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The USITC’s Roundtable on the Labor Market Effects of Trade: Discussion Summary


Samira Salem, John Benedetto


On October 4, 2012, the United States International Trade Commission (USITC) hosted a roundtable discussion on the labor market effects of trade. The USITC assembled a group of 29 professionals representing a variety of perspectives and experiences for the roundtable discussion. The participants expressed wide-ranging views on how the business cycle influences the labor market effects of trade liberalization, and on the relationship between offshoring and domestic employment. The discussion highlighted recent methodological advances incorporating transition dynamics to measure the costs that workers face in switching sectors. Participants identified four overarching themes. First, recent empirical research suggests that short-term adjustment costs may be more important than previously thought, so there is a need to incorporate labor mobility into trade models in order to better analyze the effects of trade on labor. Second, research also suggests there is a need for comparative general equilibrium (CGE) modeling efforts to continue to expand into examining trade and labor under conditions of less-than-full employment, as well as to examine the impact on the labor market of reducing nontariff barriers in the services sector. Third, participants called for improved access to data—services data, value-added data, and U.S. firm-level data—and proposed new levels of data analysis, that might allow for research on topics like the possible effects of trade on the quality of jobs.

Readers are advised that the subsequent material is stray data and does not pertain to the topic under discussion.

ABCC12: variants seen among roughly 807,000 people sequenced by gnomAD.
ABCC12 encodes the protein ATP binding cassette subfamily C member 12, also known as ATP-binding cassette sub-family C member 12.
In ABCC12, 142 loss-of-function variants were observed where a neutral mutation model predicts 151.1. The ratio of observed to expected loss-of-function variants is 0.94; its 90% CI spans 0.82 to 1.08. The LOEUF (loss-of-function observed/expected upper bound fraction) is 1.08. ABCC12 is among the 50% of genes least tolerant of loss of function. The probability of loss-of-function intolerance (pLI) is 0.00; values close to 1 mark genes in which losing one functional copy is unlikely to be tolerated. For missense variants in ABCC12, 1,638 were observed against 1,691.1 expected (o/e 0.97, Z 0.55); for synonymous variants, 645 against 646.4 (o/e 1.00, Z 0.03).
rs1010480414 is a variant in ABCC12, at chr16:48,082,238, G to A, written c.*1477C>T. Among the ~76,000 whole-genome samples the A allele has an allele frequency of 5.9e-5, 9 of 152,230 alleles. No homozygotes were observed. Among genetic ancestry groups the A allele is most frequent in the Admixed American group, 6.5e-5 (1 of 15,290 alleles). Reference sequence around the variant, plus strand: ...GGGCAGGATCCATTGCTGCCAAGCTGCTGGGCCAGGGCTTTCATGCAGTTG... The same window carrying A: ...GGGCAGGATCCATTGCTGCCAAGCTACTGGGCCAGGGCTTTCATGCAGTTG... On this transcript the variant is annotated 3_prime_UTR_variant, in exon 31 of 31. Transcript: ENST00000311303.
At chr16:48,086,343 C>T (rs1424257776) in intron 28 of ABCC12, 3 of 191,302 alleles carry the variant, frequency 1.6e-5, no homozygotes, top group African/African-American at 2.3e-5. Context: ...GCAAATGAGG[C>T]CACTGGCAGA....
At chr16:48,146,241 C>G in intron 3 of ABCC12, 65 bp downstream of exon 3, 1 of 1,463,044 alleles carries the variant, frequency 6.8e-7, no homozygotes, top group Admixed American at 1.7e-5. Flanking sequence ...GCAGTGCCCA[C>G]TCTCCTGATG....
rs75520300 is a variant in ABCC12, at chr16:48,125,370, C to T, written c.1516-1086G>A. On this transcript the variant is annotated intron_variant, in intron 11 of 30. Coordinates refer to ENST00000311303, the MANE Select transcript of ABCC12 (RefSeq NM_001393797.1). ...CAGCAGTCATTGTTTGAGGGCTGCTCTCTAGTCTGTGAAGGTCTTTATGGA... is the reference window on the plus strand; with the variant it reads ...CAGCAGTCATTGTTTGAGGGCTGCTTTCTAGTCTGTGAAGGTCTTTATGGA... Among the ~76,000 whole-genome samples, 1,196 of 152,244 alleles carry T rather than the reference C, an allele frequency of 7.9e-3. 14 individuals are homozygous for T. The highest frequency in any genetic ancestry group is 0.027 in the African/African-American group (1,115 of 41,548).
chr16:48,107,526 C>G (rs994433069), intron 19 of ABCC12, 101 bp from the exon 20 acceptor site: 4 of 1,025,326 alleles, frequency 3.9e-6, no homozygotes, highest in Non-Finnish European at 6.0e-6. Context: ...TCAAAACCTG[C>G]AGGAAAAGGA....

Tags(s): Labor Roundtable